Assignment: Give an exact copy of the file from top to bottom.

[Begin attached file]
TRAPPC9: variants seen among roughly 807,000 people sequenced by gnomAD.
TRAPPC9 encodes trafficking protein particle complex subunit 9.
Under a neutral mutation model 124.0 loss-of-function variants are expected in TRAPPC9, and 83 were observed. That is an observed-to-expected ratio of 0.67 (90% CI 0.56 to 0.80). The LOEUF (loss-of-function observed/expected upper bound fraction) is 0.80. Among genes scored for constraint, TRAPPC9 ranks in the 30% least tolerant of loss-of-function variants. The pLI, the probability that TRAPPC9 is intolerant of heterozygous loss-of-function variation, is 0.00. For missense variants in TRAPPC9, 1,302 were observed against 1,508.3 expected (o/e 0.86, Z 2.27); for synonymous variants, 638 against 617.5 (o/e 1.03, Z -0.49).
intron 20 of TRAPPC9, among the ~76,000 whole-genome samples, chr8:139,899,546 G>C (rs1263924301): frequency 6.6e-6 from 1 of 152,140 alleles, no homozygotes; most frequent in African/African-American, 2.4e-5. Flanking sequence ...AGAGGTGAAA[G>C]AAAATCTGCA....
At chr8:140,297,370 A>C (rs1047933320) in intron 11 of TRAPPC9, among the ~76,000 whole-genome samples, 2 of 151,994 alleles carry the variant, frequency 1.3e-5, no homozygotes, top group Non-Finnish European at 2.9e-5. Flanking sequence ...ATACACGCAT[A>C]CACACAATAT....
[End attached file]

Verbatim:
TRAPPC9: variants seen among roughly 807,000 people sequenced by gnomAD.
TRAPPC9 encodes trafficking protein particle complex subunit 9.
Under a neutral mutation model 124.0 loss-of-function variants are expected in TRAPPC9, and 83 were observed. That is an observed-to-expected ratio of 0.67 (90% CI 0.56 to 0.80). The LOEUF (loss-of-function observed/expected upper bound fraction) is 0.80. Among genes scored for constraint, TRAPPC9 ranks in the 30% least tolerant of loss-of-function variants. The pLI, the probability that TRAPPC9 is intolerant of heterozygous loss-of-function variation, is 0.00. For missense variants in TRAPPC9, 1,302 were observed against 1,508.3 expected (o/e 0.86, Z 2.27); for synonymous variants, 638 against 617.5 (o/e 1.03, Z -0.49).
intron 20 of TRAPPC9, among the ~76,000 whole-genome samples, chr8:139,899,546 G>C (rs1263924301): frequency 6.6e-6 from 1 of 152,140 alleles, no homozygotes; most frequent in African/African-American, 2.4e-5. Flanking sequence ...AGAGGTGAAA[G>C]AAAATCTGCA....
At chr8:140,297,370 A>C (rs1047933320) in intron 11 of TRAPPC9, among the ~76,000 whole-genome samples, 2 of 151,994 alleles carry the variant, frequency 1.3e-5, no homozygotes, top group Non-Finnish European at 2.9e-5. Flanking sequence ...ATACACGCAT[A>C]CACACAATAT....